The Last Cube – Review
Follow Genre: Puzzle game
Developer: Improx Games
Publisher: Improx Games
Platform: PC, Switch, PS4, Xbox One
Tested on: PC

The Last Cube – Review

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Good: A polished take on a classic puzzle game formula
Bad: Price point is steep for the amount of content
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At first glance, there isn’t a whole lot that stands out about Improx Games’ The Last Cube. It appears to be a fairly standard puzzle game that makes you roll a cube through a maze, similar to games like Island Maze. Even so, there was something undeniably intriguing about the way the game was presented in the launch trailer, which saw the cube travel through all kinds of environments, from a lush forest to a snow-covered mountain range. Was there more to The Last Cube than we initially assumed? We took an in-depth look at the indie puzzle title to find out.


If you were hoping for a riveting tale about a cube finding its place in the world, in the same vein as Journey of the Broken Circle, then you’re out of luck. While The Last Cube features some narrative elements, the game doesn’t bring players a story in the traditional sense. Instead, developer Improx Games expects players to piece everything together from context and through collectible relics which flesh out the lore, but which can be ignored entirely. Players take on the role of the titular cube as they make their way from a now-defunct cube factory and navigate their way through a series of environments. The game’s approach to storytelling allows The Last Cube to focus on delivering an engaging gameplay experience first and foremost, while still being able to create a specific atmosphere that lifts the game above other games with similar gameplay.


A surprising amount of detail was put into The Last Cube’s visuals, further tying into the atmosphere the game attempts to create. The game isn’t all that impressive visually but it still feels like more effort was put into bringing this world to life than was necessary, especially for a puzzle game of this nature. The visuals are fairly minimalistic, and embrace the retro-futuristic aesthetic of ‘80s sci-fi films, with neon lighting juxtaposed against darker elements. The various environments that the cube traverses add some much-needed variety and keep things interesting. While The Last Cube’s graphics are simplistic, we did notice that they weren’t entirely optimized for the Switch, however, with the occasional stutter in framerate. This didn’t affect gameplay in the slightest but it was noticeable enough to be mentioned here. The interface follows the same minimalist approach, only showing on-screen text or buttons when this is relevant, and no menu options are visible while you’re puzzling.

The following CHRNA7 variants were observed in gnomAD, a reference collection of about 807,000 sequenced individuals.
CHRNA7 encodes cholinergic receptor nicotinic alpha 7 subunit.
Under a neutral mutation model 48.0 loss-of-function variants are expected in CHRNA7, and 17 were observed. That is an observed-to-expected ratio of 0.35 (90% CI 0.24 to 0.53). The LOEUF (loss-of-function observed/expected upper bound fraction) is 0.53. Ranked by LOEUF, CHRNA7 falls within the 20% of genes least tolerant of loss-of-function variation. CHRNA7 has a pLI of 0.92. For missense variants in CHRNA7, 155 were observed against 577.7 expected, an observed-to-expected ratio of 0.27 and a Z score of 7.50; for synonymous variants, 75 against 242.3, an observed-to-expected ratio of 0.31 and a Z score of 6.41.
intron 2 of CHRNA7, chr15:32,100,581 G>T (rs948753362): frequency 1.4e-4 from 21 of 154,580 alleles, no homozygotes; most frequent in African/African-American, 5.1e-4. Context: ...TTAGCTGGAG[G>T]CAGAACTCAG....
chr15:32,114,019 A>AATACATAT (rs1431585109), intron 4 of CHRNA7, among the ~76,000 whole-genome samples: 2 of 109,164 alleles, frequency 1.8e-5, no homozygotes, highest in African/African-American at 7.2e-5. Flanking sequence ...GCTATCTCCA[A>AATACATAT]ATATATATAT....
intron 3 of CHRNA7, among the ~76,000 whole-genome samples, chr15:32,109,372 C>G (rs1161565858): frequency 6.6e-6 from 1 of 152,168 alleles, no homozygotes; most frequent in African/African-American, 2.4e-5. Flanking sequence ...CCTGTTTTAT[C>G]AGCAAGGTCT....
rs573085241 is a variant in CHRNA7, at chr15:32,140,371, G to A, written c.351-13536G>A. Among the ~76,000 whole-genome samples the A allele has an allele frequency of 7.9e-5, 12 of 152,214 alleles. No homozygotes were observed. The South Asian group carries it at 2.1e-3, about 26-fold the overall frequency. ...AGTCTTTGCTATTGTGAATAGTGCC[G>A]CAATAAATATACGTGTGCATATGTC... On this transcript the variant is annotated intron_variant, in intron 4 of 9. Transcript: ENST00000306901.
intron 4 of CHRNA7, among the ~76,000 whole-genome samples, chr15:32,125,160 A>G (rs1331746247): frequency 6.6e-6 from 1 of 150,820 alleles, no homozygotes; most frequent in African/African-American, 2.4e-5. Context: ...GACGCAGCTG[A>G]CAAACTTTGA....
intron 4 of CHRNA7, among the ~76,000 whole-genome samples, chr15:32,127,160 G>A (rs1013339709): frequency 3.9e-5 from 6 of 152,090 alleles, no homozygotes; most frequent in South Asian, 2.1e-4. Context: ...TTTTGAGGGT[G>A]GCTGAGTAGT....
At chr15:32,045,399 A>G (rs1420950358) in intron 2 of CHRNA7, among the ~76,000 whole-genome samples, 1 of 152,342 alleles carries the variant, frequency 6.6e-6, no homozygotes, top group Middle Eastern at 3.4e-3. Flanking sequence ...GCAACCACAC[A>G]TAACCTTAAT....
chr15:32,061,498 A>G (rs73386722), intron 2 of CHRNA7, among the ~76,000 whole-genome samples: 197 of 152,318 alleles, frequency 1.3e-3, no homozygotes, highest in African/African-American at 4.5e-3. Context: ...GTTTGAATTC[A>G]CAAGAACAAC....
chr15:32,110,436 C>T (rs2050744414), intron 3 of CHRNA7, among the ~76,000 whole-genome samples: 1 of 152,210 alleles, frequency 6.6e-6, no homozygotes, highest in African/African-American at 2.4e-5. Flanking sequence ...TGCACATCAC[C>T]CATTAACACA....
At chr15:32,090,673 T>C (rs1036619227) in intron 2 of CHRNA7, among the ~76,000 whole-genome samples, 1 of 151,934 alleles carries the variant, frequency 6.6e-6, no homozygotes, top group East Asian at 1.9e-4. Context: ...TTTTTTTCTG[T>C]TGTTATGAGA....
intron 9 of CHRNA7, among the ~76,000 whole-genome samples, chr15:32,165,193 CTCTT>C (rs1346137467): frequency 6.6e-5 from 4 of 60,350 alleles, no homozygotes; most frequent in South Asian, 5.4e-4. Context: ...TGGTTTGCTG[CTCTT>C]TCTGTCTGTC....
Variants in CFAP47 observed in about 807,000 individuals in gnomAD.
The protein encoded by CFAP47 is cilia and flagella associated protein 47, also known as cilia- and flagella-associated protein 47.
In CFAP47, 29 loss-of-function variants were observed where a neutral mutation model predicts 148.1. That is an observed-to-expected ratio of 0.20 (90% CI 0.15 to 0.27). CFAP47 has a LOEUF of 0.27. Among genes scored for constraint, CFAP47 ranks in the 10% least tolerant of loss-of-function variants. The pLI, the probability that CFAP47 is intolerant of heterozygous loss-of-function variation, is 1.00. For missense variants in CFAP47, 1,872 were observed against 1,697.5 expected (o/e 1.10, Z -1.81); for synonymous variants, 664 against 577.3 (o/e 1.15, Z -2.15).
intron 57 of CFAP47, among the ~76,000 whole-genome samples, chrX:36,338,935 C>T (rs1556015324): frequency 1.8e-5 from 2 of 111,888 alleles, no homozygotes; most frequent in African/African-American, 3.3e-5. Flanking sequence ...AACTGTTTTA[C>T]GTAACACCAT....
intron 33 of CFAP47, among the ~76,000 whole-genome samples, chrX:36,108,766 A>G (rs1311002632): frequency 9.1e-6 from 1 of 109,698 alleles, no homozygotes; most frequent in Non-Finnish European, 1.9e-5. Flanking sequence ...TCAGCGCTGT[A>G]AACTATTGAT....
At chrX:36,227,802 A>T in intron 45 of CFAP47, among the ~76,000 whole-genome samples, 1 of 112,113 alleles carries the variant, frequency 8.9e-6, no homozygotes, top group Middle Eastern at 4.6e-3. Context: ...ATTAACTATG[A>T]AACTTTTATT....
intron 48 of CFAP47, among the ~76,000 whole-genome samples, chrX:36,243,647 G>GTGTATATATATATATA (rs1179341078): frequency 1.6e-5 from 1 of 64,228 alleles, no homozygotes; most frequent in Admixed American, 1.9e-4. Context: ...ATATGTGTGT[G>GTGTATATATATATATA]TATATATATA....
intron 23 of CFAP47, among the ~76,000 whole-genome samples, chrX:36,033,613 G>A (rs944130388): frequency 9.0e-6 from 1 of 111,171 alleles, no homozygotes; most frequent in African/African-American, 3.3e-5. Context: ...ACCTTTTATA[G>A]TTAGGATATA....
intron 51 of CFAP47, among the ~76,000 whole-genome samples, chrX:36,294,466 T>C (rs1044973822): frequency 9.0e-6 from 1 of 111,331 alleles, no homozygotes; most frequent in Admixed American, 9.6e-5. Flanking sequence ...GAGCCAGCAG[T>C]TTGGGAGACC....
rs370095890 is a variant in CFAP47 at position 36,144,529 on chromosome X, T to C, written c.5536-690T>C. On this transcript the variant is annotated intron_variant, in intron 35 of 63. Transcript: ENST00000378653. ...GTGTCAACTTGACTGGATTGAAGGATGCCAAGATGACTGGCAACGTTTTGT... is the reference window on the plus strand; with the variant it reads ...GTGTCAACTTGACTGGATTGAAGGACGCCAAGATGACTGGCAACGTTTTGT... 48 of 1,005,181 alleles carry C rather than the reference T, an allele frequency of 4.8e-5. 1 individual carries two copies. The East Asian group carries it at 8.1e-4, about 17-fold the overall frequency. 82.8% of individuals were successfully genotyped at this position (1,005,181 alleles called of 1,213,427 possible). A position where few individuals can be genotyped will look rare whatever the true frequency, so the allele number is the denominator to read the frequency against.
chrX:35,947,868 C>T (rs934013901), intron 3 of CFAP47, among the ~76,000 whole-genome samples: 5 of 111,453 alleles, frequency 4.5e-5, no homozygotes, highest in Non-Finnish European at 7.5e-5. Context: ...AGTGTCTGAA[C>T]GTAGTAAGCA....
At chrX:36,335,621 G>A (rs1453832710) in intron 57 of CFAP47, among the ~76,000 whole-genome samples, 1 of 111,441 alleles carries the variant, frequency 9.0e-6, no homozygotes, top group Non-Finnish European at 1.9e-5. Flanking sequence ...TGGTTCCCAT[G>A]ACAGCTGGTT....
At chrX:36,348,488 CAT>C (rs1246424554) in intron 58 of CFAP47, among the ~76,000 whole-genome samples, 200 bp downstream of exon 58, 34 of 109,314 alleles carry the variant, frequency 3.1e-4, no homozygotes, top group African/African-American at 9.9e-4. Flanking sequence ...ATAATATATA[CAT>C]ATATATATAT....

The retro-futuristic ‘80s aesthetic didn’t just limit itself to The Last Cube’s visuals, but to the soundscape as well. The synthwave OST is fantastic, to the point that we were disappointed that we couldn’t find it as a separate download online. The game doesn’t feature any voice acting as well, which makes sense given the overall context here. The remainder of the soundscape consists of environmental sounds and the sounds made by the cube itself as it rolls across the different levels. These sound crisp but are unremarkable otherwise.